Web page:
Restoring the Truckee River for nature and people in Nevada
The Truckee River winds its way from high in the Eastern Sierra through California and Nevada, supporting a diversity of fish and wildlife along the way.
The river also provides fresh drinking water for communities like Reno and Sparks, and the restored floodplain offers spectacular places for recreation and protection from damaging floods.
But over the last 100 years, the lower Truckee had lost up to 90% of its forest and 70% of its bird population—and native fish had nearly disappeared.
The Nature Conservancy is working to reverse that negative trend via a large earth-moving effort along the river. The latest project is part of a program that has revitalized 10 miles of the Truckee River so far.
Connecting two previously restored areas, the project covers roughly one mile of the Truckee River at McCarran Ranch Preserve near Reno.
Guided by Conservancy science, construction workers are reconnecting the river to its floodplain and using the "just add water" principle to jumpstart habitat recovery.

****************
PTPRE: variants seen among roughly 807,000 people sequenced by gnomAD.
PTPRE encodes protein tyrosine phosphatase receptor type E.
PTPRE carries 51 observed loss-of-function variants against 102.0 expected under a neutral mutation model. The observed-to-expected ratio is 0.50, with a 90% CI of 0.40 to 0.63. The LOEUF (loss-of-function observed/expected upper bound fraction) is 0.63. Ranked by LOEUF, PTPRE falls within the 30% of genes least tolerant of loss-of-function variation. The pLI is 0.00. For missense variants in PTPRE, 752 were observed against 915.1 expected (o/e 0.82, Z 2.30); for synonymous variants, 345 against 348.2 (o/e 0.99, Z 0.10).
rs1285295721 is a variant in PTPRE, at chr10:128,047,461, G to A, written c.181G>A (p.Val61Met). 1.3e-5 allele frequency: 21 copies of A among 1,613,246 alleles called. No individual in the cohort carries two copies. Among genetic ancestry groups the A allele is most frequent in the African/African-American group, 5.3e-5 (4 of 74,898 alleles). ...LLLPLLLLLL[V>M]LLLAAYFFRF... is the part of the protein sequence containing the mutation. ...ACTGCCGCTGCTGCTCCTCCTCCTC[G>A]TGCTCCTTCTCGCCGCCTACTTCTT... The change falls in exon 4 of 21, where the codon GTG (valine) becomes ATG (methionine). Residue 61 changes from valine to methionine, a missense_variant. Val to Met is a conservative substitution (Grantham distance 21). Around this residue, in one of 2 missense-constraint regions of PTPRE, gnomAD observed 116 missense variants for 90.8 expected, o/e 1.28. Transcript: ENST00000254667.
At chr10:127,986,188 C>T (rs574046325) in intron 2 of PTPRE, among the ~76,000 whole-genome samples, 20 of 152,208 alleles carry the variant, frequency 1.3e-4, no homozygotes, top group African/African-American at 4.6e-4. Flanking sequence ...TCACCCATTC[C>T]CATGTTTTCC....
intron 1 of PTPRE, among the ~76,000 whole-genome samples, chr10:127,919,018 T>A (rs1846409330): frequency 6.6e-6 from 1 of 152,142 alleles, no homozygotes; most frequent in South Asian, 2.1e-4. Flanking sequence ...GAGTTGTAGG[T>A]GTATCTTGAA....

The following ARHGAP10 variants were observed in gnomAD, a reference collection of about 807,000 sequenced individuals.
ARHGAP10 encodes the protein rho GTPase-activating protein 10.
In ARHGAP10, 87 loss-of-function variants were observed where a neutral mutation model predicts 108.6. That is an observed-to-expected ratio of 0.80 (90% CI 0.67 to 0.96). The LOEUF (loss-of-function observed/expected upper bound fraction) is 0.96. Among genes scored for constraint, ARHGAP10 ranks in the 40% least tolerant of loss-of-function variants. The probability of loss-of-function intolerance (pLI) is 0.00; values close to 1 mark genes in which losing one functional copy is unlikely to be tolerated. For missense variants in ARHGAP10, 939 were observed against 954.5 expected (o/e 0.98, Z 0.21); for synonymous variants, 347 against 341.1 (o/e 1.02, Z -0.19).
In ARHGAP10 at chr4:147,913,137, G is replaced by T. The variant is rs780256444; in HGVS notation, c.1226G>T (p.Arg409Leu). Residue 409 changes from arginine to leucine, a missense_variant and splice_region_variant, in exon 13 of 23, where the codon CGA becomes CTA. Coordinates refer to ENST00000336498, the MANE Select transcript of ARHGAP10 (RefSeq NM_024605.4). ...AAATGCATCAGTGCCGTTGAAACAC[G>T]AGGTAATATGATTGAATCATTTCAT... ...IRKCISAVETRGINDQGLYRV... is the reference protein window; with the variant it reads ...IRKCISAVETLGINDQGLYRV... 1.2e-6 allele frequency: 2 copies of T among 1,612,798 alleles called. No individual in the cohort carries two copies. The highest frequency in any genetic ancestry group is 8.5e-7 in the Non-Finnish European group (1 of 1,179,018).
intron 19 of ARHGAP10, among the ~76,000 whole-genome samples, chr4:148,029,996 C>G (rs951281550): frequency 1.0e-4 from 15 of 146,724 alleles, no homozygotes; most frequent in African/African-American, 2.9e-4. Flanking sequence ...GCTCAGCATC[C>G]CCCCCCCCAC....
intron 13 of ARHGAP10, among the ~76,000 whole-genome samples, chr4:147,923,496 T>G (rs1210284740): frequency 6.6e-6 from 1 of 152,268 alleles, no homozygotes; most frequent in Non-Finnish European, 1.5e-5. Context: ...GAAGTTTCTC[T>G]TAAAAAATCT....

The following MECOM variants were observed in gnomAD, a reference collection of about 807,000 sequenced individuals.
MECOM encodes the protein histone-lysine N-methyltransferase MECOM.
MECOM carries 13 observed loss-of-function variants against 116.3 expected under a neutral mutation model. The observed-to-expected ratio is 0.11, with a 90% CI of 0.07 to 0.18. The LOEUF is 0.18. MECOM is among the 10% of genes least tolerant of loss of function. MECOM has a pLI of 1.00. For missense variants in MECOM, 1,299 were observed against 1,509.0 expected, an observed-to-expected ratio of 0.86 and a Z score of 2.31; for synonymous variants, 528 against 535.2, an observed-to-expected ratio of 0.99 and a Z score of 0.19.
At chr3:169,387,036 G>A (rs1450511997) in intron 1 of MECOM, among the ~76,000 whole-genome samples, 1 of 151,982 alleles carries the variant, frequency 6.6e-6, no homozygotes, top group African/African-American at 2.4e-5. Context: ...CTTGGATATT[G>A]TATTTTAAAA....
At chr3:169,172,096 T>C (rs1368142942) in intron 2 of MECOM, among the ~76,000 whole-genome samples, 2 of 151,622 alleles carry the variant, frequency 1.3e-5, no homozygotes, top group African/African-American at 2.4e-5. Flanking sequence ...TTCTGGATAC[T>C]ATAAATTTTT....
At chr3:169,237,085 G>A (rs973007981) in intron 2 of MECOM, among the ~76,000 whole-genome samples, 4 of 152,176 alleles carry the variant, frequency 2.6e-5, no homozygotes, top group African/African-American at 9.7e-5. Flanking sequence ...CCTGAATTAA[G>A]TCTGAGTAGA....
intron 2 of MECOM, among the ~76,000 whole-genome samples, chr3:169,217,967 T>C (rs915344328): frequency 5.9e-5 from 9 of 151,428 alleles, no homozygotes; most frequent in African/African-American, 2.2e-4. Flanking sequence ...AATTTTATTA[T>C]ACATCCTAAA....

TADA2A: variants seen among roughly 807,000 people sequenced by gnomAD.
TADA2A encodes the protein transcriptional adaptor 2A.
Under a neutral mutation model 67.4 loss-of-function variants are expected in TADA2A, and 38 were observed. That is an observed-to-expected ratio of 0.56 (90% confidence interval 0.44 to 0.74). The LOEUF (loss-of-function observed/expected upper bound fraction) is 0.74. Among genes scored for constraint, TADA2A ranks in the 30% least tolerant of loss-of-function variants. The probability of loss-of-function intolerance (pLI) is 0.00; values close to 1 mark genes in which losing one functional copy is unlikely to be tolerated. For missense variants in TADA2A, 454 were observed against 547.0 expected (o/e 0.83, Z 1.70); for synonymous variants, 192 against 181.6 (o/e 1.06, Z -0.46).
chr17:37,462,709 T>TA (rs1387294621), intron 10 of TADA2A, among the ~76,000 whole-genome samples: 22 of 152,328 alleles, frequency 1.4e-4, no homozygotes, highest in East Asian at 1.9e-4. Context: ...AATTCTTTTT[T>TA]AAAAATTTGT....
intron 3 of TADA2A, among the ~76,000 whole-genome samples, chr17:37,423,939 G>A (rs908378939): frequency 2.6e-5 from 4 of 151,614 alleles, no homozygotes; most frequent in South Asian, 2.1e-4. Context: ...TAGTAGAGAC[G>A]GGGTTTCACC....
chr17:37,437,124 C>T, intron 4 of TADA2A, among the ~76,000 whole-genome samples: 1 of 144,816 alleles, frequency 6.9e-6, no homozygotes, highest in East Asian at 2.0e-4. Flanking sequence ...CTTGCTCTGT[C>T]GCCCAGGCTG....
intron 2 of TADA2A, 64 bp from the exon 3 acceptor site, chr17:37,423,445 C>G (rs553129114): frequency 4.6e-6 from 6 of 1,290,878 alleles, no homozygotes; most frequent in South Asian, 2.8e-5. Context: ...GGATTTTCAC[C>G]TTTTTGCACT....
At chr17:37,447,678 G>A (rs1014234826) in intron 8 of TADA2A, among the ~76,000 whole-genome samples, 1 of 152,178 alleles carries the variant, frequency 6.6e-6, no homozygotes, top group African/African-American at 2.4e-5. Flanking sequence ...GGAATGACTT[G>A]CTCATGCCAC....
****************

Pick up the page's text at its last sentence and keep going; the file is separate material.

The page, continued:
Dump trucks, excavators and other heavy equipment are moving an estimated 100,000 tons of dirt and rock to return natural functions to this stretch of the Truckee River.
We know projects like this work. This site from an earlier phase shows what much of the habitat along the river at McCarran Ranch Preserve looked like before restoration.
Here's the same site three years later. The weed-infested field has been transformed into a vibrant wetland.
"Build it and they will come," says Mickey Hazelwood, the project's director. He's right: wigeons and other birds, fish and wildlife are already returning.
And our restoration work doesn't stop at the floodplain. Riffles are also being added, and crews will remove weeds to help native plants and streamside habitat.
You can enjoy the diverse wildlife and natural beauty that's returning to the Truckee River, just minutes from downtown Reno. Plan your McCarran Ranch Preserve visit today.